equine clicker training

using precision and positive reinforcement to teach horses and people

What Can I Train? L is for …

What can you do with clicker training? Sometimes we are limited by traditional thinking or just need some new ideas. In this A to Z series, I’ll be sharing ideas for things to train. I’ve trained some, but not all of them, and will share links to resources for more information whenever possible. I hope this list inspires you and you can’t wait to go out and teach some new behaviors to your horses.

I’ll be adding to these posts over time when I have time and new material to share. In some cases, I have intentionally been brief because the topic cannot be covered appropriately in this format, but I wanted to mention it so you have more complete list of ideas for things to work on. If there is a topic that interests you, and you would like more information, let me know and I will consider writing a more detailed article on the subject.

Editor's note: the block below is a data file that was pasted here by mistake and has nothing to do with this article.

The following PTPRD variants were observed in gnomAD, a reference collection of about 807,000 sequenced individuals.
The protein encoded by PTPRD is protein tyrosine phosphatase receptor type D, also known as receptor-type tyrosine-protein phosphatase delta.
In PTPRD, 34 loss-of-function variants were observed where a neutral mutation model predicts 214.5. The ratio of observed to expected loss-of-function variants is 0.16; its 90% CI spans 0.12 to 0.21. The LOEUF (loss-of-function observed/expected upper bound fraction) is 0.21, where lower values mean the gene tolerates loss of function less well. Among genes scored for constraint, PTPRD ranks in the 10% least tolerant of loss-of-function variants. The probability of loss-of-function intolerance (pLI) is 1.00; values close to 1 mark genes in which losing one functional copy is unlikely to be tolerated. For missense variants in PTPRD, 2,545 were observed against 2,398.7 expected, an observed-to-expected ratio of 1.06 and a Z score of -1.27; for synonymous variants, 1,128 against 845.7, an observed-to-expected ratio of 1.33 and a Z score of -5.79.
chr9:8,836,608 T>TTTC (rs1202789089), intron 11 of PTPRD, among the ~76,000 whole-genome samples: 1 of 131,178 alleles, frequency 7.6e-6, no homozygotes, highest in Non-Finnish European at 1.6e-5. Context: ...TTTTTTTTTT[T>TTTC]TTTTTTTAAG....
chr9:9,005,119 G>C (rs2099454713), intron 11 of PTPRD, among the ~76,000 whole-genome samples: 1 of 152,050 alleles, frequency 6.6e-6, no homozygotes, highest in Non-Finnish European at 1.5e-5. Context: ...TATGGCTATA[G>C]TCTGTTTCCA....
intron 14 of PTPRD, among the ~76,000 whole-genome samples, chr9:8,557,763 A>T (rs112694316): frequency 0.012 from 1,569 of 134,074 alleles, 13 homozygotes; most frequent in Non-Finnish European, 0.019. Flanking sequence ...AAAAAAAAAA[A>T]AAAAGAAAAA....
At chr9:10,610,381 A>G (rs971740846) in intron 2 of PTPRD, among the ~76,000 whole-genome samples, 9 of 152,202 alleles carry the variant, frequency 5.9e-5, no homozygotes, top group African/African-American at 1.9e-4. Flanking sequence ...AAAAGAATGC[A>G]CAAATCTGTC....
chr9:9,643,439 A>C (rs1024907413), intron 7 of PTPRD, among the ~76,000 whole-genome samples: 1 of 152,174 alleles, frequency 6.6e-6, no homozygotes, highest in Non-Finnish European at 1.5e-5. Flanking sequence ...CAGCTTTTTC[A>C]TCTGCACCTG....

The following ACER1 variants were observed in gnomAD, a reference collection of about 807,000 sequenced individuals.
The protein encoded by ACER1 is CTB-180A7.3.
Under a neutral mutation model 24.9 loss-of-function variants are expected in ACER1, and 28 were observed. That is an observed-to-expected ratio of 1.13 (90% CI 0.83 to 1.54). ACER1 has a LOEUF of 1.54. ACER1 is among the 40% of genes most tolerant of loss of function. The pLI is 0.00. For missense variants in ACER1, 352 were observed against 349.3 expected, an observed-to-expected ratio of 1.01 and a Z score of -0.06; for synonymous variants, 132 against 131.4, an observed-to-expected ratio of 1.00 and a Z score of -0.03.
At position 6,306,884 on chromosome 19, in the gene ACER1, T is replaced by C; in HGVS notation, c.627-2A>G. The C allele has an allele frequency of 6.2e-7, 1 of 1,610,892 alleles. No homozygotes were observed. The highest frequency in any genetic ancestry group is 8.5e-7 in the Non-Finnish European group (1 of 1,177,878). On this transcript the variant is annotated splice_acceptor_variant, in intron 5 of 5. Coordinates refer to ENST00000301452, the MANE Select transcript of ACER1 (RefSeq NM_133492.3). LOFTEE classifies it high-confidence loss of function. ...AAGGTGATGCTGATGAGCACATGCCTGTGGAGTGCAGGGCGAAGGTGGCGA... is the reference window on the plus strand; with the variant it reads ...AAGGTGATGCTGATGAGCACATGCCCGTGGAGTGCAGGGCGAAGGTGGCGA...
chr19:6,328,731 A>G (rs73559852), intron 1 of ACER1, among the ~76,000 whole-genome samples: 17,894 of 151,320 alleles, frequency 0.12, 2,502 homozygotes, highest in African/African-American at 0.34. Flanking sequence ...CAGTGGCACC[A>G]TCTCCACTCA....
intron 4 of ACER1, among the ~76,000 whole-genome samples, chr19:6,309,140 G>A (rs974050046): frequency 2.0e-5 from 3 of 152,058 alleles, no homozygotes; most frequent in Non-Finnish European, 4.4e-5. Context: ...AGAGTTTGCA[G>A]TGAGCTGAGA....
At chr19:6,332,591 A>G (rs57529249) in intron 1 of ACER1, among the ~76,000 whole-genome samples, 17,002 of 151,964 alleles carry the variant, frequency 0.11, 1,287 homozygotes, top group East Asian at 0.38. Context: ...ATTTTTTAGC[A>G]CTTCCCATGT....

If you have a suggestion for an addition to this page, would like to share a photo, or add a comment, please send me a message.


Contents: laugh (smile), laydown, leg yield, leading, leg lifts, lengthen, liberty work, liberty leading, lift head, long lining, lower head, lungeing,


Laugh (smile)

Willy smiling

The horse has a natural behavior called the “flehmen response” that can looks a bit like the horse is laughing or smiling because of the upturned lip and display of teeth. This behavior can be captured and put on cue quite easily. Horses often do it when they encounter new or pungent smells. If your horse doesn’t do it very often in his natural environment, you can try prompting it with novel smells. Some horses will even do it if they accept a treat and find it is something unexpected.